“First comes love, then comes marriage, then comes the baby in the baby carriage”?
That’s not the case for the 40% of births in the United States occurring to women who are either solo mothers or living with a nonmarital partner.*
Unmarried parenthood has increased substantially over the past few decades. Today, approximately twenty-five percent of parents in the U.S. are unmarried.* Marriage rates are declining, and it’s become increasingly common for single parents to raise children alone and for unmarried couples to raise children together while cohabiting.
Increases in cohabiting relationships, which tend to be shorter term than marriages, and increases in divorce have contributed to familial instability.* By the age of nine, more than 20% of U.S. children born to a married couple and more than 50% of those born to a cohabiting couple will have experienced the breakup of their parents.*
That leaves an important question: what happens to these children when their parents separate?
Regardless of whether parents are married or unmarried when they separate, parenting schedules and child support issues need to be determined. When parents are not married, paternity will also need to be established to protect the legal rights of the parents and children. Unfortunately, many separating parents fight prolonged, high-conflict legal battles in court because they don’t know there’s a better option. The collaborative process helps parents avoid a long and costly court battle.
The Collaborative Process for Unmarried Parents
The collaborative process is not just for divorcing couples, but also for unmarried parents who wish to make informed decisions for their families on their own terms, without court intervention.
The collaborative process is a holistic dispute resolution model, specifically designed to enhance trust and communication between parents in order to resolve legal, emotional, and financial issues related to the child.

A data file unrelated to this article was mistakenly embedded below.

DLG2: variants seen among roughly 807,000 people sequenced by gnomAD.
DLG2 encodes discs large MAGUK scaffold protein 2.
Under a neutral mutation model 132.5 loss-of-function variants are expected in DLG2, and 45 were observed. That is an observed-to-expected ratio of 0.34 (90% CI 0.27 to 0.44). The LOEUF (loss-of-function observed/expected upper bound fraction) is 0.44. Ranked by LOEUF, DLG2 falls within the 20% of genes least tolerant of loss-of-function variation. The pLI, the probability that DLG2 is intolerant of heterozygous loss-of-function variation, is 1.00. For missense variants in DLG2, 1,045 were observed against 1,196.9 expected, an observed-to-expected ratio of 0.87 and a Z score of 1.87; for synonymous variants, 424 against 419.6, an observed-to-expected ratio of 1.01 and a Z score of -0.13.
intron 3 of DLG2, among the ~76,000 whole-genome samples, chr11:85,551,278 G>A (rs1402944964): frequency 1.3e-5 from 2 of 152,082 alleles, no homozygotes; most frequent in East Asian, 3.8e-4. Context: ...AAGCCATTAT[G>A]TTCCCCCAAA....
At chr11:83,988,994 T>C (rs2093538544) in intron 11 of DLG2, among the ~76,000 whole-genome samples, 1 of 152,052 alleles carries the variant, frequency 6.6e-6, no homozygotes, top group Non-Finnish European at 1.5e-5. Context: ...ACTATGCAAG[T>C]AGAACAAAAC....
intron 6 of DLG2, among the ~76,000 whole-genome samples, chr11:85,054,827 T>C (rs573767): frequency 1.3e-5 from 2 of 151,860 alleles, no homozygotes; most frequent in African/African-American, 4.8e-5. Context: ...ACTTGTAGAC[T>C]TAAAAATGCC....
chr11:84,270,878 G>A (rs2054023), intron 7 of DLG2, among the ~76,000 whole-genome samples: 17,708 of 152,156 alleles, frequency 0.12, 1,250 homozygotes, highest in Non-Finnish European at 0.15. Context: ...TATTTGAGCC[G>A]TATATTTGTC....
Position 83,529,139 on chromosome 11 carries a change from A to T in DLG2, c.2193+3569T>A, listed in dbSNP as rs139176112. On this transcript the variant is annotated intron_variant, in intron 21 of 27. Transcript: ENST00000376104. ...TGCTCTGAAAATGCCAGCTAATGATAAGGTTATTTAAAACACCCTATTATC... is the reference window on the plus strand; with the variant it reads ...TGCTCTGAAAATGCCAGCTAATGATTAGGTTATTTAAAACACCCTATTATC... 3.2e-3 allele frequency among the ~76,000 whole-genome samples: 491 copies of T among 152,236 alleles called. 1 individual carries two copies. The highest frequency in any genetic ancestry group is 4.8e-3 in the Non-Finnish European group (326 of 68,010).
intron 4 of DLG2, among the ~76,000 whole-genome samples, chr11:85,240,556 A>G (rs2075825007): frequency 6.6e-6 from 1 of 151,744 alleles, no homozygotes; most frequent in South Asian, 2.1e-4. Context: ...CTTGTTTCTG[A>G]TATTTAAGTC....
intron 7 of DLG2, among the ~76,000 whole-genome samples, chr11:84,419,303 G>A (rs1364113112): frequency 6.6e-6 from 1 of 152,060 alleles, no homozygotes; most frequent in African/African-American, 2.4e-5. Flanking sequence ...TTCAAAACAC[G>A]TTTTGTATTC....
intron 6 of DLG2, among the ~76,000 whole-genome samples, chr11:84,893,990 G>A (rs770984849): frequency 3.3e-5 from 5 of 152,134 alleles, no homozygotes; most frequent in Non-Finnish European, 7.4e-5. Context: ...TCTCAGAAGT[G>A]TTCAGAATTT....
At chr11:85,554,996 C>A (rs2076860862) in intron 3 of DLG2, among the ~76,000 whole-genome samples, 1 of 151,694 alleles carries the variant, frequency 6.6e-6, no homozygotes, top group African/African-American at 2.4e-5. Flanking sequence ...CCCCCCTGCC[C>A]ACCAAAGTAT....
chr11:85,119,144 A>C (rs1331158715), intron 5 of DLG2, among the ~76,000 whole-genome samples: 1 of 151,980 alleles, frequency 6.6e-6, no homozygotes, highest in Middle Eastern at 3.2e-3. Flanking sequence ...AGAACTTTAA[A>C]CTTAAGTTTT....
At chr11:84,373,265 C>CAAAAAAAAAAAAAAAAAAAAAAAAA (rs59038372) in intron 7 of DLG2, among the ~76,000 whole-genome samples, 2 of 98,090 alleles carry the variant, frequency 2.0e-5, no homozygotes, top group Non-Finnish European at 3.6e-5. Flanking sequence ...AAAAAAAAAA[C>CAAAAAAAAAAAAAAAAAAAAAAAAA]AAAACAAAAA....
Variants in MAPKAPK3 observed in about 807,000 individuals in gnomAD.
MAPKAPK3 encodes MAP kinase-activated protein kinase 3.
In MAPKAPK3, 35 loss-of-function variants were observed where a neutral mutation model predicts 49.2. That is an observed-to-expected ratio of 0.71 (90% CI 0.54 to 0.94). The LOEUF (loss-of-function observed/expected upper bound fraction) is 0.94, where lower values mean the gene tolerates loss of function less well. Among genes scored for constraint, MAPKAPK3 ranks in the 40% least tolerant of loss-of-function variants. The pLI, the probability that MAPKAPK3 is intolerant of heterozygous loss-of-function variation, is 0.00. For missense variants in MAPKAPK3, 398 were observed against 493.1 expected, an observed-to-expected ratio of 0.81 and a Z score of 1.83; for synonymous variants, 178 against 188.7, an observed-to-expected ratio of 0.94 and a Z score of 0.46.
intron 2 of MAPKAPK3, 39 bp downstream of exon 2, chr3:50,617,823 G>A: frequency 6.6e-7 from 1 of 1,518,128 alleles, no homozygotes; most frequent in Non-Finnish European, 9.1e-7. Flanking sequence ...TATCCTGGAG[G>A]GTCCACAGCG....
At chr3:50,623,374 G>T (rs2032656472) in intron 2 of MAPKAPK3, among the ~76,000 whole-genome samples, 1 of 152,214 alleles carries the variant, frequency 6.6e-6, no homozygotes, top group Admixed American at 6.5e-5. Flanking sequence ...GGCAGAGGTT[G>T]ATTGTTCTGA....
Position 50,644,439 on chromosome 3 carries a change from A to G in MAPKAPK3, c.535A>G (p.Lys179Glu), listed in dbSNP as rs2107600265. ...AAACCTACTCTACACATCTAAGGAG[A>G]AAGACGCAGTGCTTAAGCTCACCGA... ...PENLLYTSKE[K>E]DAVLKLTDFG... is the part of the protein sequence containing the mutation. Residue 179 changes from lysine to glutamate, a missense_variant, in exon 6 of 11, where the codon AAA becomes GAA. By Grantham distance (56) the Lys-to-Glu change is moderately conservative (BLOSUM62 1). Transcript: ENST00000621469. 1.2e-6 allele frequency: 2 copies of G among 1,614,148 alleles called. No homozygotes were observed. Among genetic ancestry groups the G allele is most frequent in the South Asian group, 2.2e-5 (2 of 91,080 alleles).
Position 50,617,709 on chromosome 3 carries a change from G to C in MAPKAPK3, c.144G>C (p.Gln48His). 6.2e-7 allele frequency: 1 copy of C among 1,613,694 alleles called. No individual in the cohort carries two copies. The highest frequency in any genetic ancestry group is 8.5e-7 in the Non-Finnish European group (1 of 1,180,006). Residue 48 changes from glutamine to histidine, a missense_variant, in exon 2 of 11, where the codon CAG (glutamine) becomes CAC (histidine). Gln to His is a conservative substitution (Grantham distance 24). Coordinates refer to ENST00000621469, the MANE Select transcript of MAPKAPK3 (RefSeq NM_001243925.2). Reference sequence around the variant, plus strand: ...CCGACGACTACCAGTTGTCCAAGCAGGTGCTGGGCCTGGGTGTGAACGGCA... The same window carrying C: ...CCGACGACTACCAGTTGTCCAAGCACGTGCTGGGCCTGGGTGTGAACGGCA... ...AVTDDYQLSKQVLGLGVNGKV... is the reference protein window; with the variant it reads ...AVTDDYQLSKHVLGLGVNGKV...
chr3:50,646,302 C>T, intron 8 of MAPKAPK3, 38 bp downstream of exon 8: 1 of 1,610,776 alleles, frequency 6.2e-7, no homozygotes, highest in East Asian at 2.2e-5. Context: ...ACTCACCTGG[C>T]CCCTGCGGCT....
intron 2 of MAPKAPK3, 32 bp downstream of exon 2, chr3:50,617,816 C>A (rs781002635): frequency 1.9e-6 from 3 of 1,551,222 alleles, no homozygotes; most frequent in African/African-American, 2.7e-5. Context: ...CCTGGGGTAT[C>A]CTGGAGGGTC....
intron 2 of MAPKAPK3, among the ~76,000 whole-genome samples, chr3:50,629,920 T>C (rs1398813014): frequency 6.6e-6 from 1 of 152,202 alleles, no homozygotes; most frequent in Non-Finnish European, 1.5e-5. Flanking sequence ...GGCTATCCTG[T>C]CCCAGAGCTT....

In collaborative cases involving unmarried parents, each parent hires a collaboratively trained attorney. Many parents also choose to hire mental health professionals and/or financial professionals to help resolve roadblocks to resolution. Through the collaborative process, parents resolve issues related to their children, including parenting plans and child support.
Because parents drive this process (rather than lawyers or a judge), the agreements are often more sustainable, flexible, and mindful of the family’s specific needs than a judicial officer’s orders would be.
Collaborative Co-Parenting for Unmarried Parents
Much of the co-parenting dialogue is centered around divorce, but unmarried parents face their own unique challenges.
For example, never-married parents often don’t have the foundation that married parents have in raising children together, especially if they never lived together or had only a short-term relationship. In some ways, not having a long history of conflict may bode well for these parents. However, it also presents the unique challenge of getting to know the co-parent while raising a child together. For parents who have already divorced and are now co-parenting, the divorce, especially if it was high conflict, may have exacerbated communication and trust issues.
Mental health coaches in the collaborative process are trained to guide parents in becoming effective co-parents and help them resolve issues involving their children. Further, many parents choose to bring on a child specialist as a member of the collaborative team to bring the child’s perspective into the process. The child specialist works with the children and makes recommendations to the parents. Keeping the children’s needs at the center of the process serves the best interests of the children.
Parentage cases are rising, and unmarried parents should know that the collaborative process is a valuable option to help them resolve their disputes respectfully, privately, cost-effectively, and without ever stepping foot in a courtroom, for the benefit of their children.
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